CP: Early on in the process of putting together the book, Deen proposed we approach Julie Mehretu about including her work on Egypt–specifically, Mogamma (A Painting in Four Parts) (2012) and Cairo (2013). Asking her felt like a long shot so we were both over the moon when she agreed to be involved. Once we looked at the works and saw the thematic overlaps with the book’s essays, we decided that they should be included as a stand-alone contribution to the volume–and not simply as the cover art. To that end, we tried to engage her work directly in the introduction as we did with the essays themselves. The book has another visual component in the form of two pieces by Tammam Azzam, which are included in Deen’s essay on Syria: Storeys (2015) and The Kiss (Freedom Graffiti) (2013). As with Mehretu’s work, Azzam’s artwork is intended to speak back to the writing in which it is embedded. Our objective here was fairly straightforward: to take advantage of the fact that artists have shown an interest in some of the very issues with which this book is concerned and to encourage readers to consider the artwork both in conjunction with the scholarship and as another lens onto the spatial dynamics of the Arab uprisings.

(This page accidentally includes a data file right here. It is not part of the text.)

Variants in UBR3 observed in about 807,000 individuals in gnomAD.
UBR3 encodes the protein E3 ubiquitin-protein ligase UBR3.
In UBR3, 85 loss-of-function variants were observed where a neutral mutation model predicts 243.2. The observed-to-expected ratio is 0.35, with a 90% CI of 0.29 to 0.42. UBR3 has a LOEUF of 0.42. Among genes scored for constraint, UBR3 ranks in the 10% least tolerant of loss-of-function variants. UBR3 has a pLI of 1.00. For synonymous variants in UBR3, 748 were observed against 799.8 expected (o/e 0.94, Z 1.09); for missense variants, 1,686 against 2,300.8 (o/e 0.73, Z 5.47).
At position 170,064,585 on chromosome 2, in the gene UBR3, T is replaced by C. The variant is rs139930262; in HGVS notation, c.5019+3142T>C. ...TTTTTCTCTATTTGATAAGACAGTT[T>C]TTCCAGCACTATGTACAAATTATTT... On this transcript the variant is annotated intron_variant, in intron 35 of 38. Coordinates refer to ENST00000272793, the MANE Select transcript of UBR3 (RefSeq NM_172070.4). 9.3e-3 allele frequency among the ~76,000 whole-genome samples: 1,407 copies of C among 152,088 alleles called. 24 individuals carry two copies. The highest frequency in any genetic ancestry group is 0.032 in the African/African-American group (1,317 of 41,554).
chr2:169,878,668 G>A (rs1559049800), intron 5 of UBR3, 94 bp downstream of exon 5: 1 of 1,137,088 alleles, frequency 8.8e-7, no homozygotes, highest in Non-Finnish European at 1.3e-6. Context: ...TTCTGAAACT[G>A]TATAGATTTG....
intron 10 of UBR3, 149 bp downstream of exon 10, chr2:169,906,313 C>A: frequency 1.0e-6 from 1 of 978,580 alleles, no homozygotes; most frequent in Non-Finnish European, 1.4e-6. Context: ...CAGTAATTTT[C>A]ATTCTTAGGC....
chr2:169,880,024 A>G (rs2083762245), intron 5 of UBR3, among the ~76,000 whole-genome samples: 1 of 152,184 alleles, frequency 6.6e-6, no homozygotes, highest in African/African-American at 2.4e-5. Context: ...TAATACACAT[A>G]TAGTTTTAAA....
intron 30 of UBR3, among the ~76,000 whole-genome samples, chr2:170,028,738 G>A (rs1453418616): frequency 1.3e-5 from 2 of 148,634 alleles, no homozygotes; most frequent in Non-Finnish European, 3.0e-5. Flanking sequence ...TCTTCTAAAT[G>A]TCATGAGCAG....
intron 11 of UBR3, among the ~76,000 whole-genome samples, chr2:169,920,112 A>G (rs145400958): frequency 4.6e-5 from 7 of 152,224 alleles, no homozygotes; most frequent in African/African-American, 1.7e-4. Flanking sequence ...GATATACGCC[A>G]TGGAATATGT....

Excerpts from Beyond the Square: Urbanism and the Arab Uprisings
From “Exopolis: Between Ramallah and Jerusalem,” by Helga Tawil-Souri: